Vol. 3, Issue 1 (2018)
Hatching patterns in the silkworm, Bombyx mori L. under ‘black-boxing’ system: A photoperiodic perspective
Author(s): B Srinath, MA Shanthan Babu, P Lakshminarayana Reddy, B Sujatha, S Sankar Naik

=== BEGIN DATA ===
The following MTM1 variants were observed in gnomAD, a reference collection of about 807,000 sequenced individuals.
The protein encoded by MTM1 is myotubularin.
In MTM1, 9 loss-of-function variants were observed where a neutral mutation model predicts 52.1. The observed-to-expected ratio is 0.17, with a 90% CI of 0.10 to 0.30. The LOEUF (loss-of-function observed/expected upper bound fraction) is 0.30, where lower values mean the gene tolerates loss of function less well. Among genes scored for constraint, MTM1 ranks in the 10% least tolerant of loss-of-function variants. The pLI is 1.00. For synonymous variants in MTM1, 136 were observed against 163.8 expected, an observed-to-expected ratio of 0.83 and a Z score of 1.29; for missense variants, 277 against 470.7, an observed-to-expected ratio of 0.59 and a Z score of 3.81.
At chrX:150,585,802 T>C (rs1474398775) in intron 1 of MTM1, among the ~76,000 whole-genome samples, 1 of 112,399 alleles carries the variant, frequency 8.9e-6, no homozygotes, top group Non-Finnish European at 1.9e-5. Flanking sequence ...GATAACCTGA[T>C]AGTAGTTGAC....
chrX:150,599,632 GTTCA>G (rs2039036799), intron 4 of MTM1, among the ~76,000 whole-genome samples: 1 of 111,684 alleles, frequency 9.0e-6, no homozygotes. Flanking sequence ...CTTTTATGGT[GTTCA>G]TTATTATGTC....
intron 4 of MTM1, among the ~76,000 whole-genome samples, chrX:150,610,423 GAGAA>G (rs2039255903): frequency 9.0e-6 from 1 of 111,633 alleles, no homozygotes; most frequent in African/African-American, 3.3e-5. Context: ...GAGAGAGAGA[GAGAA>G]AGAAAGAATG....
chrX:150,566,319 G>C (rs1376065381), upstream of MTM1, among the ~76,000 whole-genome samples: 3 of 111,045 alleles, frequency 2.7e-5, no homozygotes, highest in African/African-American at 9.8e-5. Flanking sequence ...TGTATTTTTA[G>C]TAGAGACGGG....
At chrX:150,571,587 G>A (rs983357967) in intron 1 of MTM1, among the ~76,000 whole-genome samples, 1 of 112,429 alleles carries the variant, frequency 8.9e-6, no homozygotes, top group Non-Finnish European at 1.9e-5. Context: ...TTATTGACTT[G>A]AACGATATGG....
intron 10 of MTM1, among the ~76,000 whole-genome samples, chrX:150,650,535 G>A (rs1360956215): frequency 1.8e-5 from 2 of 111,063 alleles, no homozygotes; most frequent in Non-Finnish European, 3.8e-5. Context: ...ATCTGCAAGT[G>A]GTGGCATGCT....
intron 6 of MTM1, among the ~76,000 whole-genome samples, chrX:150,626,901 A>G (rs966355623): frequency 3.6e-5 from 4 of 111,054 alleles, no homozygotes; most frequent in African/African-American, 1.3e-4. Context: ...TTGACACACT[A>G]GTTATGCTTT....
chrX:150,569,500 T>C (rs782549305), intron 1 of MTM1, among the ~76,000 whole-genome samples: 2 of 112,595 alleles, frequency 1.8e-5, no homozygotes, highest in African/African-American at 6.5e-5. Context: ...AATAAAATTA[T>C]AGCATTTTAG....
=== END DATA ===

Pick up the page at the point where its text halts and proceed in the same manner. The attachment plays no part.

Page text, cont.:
Abstract: Conventional methods of silkworm (Bombyx mori L.) hatching include incubation, exposure to light dark cycles etc., were in practice. As a recent technology for silkworm egg hatching, use of black-boxing method coupled with incubation is advocated in the contemporary Indian sericulture industry to get economical hatching of over 95%, in a single day with quick hatching. In the present study, an attempt is made to compare the photoperiodic way and the black-boxing method of hatching for better understanding the scientific principles behind the black-boxing method. For the studies, the DFLs of CSR2 x CSR4 were introduced into natural solar day condition, LD 12:12, continuous dark (DD) and continuous light (LL) on the third day of oviposition and continued till the completion of hatching experiments. For studies on black-boxing, the DFLs were initially maintained under LD 12:12 up to pin-head stage and introduced into black-boxing (DD) at 06.00 h on the pin-head stage. The DFLs were watched for stray-hatching on the penultimate day of hatching and after confirming stray-hatching, the dark phase in black-boxing is disrupted, exposing the eggs to light on the ultimate day of hatching at 06.00 h. Hatching, in CSR2 x CSR4 bivoltine hybrid occurred very close to dawn under natural solar day, LD 12:12 conditions. Further, light-on phase is taken by Bombyx mori as signal for hatching. Hatching occurred for two consecutive days, with stray hatching on the first day and maximum on the second day. Intervals between two hatching peaks were around 24 h, hence, circadian. When the eggs are driven under continuous conditions (DD/LL) the hatching occurred for 2 consecutive days. Under continuous dark (DD), the hatching occurred for two consecutive days with advancement in peak hatching implying a free-running nature of hatching rhythm following ‘gating’ phenomenon. Hatching on the first day was highest with narrow hatching activity period. Under LL too, hatching occurred for two consecutive days, with low hatching on the first day and maximum on the second day. Further, hatching rhythm delayed with broadened of hatching under LL, indicating a near damp-out expression. When the eggs are kept under ‘black-boxing’ condition, the hatching rhythm was distinct, occurring immediately after interruption of darkness of black-boxing. Hatching was restricted to a single day with narrow hatching activity, measuring 2 h of hatching duration only. Hatching occurred at or after lights on phase indicating that the hatching rhythm is diurnal and lights-on is taken straightly as a signal for hatching. Hatching durations are more under continuous conditions (DD/LL) and less in LD 12:12 and black-boxing conditions.